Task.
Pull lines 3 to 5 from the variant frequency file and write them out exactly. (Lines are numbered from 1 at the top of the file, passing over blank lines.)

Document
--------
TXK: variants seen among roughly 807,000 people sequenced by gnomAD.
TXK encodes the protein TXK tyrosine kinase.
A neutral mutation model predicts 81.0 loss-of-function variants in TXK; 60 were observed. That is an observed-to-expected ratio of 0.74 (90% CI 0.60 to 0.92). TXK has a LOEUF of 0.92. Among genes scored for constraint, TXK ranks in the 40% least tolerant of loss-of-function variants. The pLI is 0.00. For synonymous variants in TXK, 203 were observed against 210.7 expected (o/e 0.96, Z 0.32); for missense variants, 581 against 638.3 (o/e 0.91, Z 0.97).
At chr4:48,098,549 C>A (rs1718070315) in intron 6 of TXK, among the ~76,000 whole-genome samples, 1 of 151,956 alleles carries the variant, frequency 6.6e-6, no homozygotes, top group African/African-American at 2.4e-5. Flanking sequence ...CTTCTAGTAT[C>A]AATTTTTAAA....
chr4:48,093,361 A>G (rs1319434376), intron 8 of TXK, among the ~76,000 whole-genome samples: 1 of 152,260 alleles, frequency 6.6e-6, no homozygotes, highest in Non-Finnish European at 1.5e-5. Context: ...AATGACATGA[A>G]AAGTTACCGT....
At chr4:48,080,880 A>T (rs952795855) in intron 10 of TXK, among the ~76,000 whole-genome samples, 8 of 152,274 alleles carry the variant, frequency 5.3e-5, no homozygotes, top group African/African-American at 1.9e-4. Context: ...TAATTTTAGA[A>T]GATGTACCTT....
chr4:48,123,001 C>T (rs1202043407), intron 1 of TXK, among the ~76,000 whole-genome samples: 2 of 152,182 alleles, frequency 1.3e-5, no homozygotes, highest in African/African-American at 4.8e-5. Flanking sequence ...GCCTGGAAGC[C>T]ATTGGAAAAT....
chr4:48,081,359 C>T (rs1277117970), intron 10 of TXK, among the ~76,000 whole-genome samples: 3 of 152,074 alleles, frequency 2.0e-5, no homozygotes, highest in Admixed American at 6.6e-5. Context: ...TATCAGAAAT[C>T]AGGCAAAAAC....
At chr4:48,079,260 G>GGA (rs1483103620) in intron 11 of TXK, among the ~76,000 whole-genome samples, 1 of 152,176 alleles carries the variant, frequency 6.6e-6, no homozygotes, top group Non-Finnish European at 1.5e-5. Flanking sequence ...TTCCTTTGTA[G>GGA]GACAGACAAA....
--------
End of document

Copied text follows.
A neutral mutation model predicts 81.0 loss-of-function variants in TXK; 60 were observed. That is an observed-to-expected ratio of 0.74 (90% CI 0.60 to 0.92). TXK has a LOEUF of 0.92. Among genes scored for constraint, TXK ranks in the 40% least tolerant of loss-of-function variants. The pLI is 0.00. For synonymous variants in TXK, 203 were observed against 210.7 expected (o/e 0.96, Z 0.32); for missense variants, 581 against 638.3 (o/e 0.91, Z 0.97).
At chr4:48,098,549 C>A (rs1718070315) in intron 6 of TXK, among the ~76,000 whole-genome samples, 1 of 151,956 alleles carries the variant, frequency 6.6e-6, no homozygotes, top group African/African-American at 2.4e-5. Flanking sequence ...CTTCTAGTAT[C>A]AATTTTTAAA....
chr4:48,093,361 A>G (rs1319434376), intron 8 of TXK, among the ~76,000 whole-genome samples: 1 of 152,260 alleles, frequency 6.6e-6, no homozygotes, highest in Non-Finnish European at 1.5e-5. Context: ...AATGACATGA[A>G]AAGTTACCGT....